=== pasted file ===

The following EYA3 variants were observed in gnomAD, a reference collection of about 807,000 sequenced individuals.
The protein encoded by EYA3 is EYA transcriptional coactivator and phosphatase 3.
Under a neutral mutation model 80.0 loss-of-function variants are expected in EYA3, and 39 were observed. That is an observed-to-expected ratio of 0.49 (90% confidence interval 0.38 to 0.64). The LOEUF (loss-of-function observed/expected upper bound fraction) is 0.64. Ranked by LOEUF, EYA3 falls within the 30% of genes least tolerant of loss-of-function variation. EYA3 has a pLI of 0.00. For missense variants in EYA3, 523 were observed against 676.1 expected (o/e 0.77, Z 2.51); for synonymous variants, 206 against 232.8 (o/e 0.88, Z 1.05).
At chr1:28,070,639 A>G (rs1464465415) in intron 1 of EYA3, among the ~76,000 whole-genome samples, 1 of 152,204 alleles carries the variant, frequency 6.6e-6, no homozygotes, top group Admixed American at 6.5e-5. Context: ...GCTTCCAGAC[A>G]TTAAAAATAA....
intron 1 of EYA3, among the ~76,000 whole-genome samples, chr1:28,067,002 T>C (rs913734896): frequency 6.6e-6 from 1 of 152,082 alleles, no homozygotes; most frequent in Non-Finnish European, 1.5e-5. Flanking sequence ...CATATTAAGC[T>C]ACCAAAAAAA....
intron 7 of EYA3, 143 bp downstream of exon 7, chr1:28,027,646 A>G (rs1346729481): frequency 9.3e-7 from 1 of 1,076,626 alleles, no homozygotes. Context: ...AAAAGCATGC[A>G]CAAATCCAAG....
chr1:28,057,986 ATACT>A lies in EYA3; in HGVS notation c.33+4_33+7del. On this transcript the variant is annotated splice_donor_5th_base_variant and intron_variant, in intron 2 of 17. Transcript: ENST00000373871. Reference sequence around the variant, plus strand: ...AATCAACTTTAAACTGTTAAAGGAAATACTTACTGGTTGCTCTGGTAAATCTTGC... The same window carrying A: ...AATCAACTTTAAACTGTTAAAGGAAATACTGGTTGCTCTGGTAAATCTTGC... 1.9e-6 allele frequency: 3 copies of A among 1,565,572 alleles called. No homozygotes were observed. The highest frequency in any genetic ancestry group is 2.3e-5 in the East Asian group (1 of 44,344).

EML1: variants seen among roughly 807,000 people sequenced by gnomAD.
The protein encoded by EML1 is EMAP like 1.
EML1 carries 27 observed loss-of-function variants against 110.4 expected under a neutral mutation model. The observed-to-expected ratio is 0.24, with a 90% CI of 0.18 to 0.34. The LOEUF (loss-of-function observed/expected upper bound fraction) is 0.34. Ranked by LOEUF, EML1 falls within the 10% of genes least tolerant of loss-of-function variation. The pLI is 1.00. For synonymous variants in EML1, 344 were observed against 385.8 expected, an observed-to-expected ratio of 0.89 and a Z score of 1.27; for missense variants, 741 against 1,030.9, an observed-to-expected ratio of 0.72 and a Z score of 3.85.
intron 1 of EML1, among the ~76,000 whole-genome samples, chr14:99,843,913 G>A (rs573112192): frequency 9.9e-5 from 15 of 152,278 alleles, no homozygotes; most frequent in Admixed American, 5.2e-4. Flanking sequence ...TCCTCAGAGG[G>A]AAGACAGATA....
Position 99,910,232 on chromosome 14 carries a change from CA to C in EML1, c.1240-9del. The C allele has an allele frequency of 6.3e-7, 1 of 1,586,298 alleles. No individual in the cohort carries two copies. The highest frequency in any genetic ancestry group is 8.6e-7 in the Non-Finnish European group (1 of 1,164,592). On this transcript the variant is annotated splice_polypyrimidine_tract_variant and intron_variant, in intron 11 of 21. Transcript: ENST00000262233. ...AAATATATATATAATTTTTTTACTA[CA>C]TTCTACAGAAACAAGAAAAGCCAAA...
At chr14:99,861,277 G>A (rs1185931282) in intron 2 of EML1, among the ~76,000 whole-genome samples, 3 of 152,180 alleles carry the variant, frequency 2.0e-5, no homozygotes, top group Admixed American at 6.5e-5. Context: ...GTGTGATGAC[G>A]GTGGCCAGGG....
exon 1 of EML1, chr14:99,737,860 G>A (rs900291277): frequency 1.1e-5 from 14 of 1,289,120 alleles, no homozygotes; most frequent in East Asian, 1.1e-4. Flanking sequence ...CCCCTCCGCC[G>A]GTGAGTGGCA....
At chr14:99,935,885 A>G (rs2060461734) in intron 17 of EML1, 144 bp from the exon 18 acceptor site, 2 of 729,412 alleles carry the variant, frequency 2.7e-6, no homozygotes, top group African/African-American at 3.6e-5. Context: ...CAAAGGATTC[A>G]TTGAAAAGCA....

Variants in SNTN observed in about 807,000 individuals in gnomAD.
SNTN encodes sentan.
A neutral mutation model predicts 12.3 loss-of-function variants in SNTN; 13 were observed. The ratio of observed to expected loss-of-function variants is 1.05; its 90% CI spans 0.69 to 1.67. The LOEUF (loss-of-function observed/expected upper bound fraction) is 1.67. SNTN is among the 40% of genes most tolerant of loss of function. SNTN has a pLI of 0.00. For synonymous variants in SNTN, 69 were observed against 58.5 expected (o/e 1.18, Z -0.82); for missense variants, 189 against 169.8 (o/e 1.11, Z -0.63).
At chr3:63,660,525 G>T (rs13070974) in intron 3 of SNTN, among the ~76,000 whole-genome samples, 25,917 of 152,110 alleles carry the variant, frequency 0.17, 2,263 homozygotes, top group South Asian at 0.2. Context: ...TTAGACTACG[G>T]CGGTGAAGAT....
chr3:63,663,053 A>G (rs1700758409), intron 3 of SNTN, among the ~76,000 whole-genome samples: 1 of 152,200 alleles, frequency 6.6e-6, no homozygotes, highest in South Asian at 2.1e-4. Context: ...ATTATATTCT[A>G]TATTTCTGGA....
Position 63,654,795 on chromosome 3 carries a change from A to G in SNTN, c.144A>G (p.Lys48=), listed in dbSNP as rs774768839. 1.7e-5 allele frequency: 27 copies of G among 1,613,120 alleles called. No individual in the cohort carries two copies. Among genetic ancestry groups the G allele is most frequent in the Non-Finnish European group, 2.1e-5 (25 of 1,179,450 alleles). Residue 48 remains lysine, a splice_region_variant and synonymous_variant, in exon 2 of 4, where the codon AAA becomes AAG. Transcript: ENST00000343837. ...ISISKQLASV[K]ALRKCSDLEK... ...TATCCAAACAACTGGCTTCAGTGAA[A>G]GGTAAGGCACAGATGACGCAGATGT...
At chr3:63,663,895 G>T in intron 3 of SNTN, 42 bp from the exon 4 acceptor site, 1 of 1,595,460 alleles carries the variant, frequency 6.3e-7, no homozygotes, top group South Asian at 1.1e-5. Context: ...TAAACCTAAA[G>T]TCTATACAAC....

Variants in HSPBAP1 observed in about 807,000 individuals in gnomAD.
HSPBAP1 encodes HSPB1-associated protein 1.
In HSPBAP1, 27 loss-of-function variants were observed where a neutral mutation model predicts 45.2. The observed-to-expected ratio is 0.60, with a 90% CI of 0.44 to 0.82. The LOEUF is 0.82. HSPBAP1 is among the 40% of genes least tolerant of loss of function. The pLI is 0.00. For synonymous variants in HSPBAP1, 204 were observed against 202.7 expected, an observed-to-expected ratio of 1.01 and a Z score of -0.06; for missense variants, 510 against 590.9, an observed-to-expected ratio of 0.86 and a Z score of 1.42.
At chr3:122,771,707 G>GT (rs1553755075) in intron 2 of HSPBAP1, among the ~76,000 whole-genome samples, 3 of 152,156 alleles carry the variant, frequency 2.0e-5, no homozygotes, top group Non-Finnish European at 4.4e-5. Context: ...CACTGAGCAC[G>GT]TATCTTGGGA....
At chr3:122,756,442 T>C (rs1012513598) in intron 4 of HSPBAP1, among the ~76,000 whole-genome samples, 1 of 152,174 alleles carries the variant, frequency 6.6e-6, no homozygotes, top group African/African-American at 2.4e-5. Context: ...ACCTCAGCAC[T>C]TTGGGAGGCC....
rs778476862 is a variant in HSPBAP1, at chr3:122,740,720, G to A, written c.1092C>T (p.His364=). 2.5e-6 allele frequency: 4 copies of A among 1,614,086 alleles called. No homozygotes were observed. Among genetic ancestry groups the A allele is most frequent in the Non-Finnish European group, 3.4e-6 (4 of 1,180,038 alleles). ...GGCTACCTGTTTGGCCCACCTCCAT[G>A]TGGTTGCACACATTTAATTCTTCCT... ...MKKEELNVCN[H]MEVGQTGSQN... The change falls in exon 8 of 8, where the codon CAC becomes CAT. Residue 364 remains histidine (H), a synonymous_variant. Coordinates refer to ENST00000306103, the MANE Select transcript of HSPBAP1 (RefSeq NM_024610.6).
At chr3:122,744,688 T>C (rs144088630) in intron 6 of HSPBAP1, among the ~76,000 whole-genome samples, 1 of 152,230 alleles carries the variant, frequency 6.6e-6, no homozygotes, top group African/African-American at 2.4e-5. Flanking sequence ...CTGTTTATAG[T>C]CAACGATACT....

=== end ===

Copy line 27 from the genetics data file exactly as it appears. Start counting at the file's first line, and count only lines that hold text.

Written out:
At chr3:122,756,442 T>C (rs1012513598) in intron 4 of HSPBAP1, among the ~76,000 whole-genome samples, 1 of 152,174 alleles carries the variant, frequency 6.6e-6, no homozygotes, top group African/African-American at 2.4e-5. Context: ...ACCTCAGCAC[T>C]TTGGGAGGCC....